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Local News

  • What to expect Nov. 8 when you go to the polls

    All properly registered voters in Henry County can participate in the Nov. 8 presidential election, and there are plenty of local races to be decided, too.
    Pundits are divided whether the negative rhetoric that has characterized the presidential contest between Democrat Hillary Clinton and Republican Donald Trump will depress voter turnout on Election Day.
    County Clerk Shanda Archer has heard a lot of talk about voter fraud and computer hacking, but she has confidence that the voting machines being used in Henry County are sound.

  • Work on Odd Fellows building to resume soon

    After a delay to get a commercial building permit for the Washington Lodge, officials working to get a new roof on the Odd Fellows’ building in New Castle expect construction to resume soon.
    Contractor Jeff Perry received the contract to put a new roof on the historic building after a heavy snowfall caused the old one to collapse about 18 months ago, recalled Jeff Thoke, the New Castle Main Street manager who’s also assisting the Odd Fellows.

  • Shoppers head to the Bazaar for their holiday gifts

    For Christmas shopping in Henry County, it’s hard to beat the wide array of offerings at the Holiday Bazaar, which was held at the fairgrounds Saturday.

  • Farm Service Agency makes changes to crop reporting, deadlines

    Farmers accustomed to waiting until June or July to file their acreage usage report to the Farm Service Agency (FSA) should note the deadline has moved up to Nov. 15, less than two weeks away, according to information from the Henry/Oldham FSA office.

  • Wildcat Marching Band goes out on a high note
  • Ahead of the Game

    At each home varsity game, there’s a man roaming the Henry County High School sidelines who took some hits on the Wildcats’ field himself. He keeps careful tabs on the athletes and how they’re performing on the gridiron — but he’s not the coach.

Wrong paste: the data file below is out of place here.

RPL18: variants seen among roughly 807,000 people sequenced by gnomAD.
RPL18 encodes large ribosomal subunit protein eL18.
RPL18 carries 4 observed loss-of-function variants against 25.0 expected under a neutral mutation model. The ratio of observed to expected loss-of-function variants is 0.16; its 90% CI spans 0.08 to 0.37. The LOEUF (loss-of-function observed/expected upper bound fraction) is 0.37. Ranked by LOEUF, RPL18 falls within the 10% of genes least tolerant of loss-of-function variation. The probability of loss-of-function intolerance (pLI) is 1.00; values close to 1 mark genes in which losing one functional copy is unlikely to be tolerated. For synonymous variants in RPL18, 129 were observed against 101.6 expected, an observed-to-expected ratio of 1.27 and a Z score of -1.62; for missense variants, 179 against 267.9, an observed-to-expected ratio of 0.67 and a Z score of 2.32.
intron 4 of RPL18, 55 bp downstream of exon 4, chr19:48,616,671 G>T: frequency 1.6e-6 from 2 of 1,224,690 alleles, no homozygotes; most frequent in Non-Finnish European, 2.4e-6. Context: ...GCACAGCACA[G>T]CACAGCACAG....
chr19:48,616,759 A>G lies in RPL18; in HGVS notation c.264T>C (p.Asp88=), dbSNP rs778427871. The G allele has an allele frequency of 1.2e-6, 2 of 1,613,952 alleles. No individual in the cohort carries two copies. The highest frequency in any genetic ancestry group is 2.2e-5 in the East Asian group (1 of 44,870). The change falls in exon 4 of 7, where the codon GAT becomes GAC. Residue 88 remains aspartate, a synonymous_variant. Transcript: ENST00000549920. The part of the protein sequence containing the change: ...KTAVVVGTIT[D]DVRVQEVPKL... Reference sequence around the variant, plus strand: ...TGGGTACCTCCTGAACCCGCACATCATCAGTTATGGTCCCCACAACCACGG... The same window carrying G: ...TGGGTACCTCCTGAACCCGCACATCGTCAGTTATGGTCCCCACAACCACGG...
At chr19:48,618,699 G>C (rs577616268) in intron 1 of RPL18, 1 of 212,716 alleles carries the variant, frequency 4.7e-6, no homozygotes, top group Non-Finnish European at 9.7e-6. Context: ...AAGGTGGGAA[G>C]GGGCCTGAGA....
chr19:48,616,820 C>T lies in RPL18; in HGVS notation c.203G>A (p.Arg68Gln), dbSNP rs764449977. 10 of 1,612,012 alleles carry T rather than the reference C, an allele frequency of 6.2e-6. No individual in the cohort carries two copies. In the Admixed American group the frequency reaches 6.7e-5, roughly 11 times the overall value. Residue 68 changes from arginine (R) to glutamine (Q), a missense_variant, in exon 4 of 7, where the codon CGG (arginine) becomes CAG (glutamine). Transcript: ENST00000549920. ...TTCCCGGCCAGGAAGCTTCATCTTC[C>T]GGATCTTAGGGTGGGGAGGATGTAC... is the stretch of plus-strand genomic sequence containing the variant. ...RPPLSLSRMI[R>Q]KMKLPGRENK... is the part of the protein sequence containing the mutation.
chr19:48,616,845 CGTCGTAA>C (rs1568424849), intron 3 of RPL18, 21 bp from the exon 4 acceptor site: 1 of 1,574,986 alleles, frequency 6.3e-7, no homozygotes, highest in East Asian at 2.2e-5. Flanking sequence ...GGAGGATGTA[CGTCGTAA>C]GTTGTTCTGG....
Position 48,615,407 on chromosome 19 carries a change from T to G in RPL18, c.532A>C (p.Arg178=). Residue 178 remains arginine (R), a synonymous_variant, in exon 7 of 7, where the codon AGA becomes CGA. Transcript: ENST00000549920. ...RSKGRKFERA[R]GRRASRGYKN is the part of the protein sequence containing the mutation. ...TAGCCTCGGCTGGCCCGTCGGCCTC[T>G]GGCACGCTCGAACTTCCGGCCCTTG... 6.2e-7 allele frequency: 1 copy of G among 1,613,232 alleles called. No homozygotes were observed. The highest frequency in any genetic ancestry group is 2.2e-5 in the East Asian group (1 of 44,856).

In fact, Andrew Stethen attends all of the high school’s home games for all varsity sports, plus travels with the football team when they’re away, in an effort to keep all the athletes as healthy as possible.

  • Cuties in Costumes

    Cuties in costumes took over the streets of Eminence for a few hours for Halloween Monday evening.

     

    Halloween pictures of trick-or-treaters taken at the Henry County Local office will appear in the Nov. 9 edition of the newspaper.

  • Woods brings her design passion to Eminence store

    After Fabulous Furniture and Flooring in Eminence opened in December, owner Barbara Woods said that locals don’t have to look outside of Henry County for furnishing and design help.
    Having lived here for 40 years, attended Henry County schools since fifth grade, worked as a nurse at Homestead and hosted regular yard sales outside of her Victorian-era home, Woods said she knows the needs of her hometown.

  • Abrams to lead state retired teachers

    Saying it was an opportunity he just couldn’t pass up, Henry County Public Schools (HCPS) Superintendent Tim Abrams recently announced he will retire at the end of this school year to become the executive director of the Kentucky Retired Teachers Association (KRTA).
    Coincidentally, he will be following familiar footsteps into the role. Currently Dr. Bob Wagoner holds the position with KRTA, but had been the superintendent of HCPS 15 years ago, when Abrams was tapped to be his replacement.

  • The untold story of a WWI hero

    The memory of Fielding Vories Meek carried on in Smithfield well after he died on a World War I battlefield, a medic trying to save the lives of American soldiers.
    An often-repeated story recalls his last day working on the family farm on Giltner Road before shipping off to join the medical corps.
    As recorded in “Henry County, Kentucky, 1798-1995” by Ruth Clark, Meek put on a brave face for his family members as he helped store hay bales.